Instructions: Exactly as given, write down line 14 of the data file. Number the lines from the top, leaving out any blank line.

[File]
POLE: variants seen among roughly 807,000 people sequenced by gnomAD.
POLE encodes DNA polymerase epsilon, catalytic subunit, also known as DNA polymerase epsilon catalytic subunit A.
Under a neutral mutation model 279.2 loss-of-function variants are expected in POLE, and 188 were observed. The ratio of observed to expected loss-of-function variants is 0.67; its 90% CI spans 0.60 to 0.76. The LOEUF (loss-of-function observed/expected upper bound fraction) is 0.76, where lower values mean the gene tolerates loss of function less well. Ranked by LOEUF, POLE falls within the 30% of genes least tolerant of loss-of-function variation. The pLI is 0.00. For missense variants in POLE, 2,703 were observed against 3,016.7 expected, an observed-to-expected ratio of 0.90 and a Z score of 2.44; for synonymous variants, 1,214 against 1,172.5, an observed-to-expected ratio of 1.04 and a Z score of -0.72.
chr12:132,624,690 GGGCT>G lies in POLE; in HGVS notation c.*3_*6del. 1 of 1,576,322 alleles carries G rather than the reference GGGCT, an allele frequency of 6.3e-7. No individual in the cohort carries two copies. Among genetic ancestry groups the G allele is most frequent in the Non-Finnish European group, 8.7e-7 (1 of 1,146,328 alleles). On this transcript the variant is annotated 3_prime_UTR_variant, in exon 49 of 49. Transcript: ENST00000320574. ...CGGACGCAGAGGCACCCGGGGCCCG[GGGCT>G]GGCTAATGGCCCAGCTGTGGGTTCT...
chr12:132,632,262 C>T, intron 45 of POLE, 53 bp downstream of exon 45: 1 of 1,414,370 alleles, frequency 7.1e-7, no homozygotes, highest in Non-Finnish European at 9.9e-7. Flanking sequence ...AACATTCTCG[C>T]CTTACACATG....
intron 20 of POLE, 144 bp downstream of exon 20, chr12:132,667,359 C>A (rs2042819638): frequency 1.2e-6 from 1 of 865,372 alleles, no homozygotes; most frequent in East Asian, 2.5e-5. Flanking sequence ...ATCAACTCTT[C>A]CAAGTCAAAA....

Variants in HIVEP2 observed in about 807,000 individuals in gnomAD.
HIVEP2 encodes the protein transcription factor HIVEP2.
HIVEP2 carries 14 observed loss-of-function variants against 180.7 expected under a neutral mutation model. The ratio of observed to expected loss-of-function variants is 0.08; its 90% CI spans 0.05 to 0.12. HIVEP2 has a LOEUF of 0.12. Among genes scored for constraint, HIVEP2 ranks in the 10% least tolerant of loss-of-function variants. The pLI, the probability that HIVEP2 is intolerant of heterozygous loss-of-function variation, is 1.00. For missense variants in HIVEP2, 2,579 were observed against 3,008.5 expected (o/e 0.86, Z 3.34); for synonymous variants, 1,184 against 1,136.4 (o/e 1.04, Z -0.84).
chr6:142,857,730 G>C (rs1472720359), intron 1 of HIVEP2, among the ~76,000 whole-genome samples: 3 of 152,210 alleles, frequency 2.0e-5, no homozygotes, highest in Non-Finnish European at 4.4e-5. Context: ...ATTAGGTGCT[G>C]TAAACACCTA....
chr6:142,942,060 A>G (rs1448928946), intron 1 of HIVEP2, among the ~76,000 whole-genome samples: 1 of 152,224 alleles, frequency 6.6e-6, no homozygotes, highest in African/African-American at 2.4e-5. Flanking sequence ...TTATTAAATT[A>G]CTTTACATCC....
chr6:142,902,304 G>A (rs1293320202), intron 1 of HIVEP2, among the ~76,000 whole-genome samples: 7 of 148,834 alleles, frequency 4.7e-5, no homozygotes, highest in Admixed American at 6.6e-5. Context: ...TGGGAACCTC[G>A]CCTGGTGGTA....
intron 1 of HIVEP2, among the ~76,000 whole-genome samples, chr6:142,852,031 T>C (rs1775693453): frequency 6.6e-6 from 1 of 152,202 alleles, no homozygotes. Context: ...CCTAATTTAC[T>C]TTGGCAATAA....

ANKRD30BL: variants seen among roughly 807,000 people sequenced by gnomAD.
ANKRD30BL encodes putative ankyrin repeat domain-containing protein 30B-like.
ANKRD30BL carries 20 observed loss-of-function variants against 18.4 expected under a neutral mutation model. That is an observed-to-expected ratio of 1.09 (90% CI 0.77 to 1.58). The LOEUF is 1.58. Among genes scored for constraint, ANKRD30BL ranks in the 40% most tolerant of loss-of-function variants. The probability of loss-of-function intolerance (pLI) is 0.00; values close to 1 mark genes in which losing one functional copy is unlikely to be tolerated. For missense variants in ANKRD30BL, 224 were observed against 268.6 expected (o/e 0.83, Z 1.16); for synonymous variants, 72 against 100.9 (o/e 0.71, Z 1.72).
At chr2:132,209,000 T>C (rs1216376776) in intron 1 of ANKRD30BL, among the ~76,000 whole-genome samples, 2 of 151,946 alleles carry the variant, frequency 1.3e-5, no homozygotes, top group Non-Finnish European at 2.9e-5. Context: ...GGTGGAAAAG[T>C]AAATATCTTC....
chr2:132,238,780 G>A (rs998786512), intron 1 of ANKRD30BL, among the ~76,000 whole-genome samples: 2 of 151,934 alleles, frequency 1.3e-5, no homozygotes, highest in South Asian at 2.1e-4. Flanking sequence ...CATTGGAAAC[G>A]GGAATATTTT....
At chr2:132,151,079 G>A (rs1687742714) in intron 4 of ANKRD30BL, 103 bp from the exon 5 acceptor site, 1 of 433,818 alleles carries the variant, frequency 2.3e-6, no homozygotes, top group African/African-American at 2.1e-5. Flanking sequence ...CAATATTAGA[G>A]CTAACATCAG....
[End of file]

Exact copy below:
ANKRD30BL: variants seen among roughly 807,000 people sequenced by gnomAD.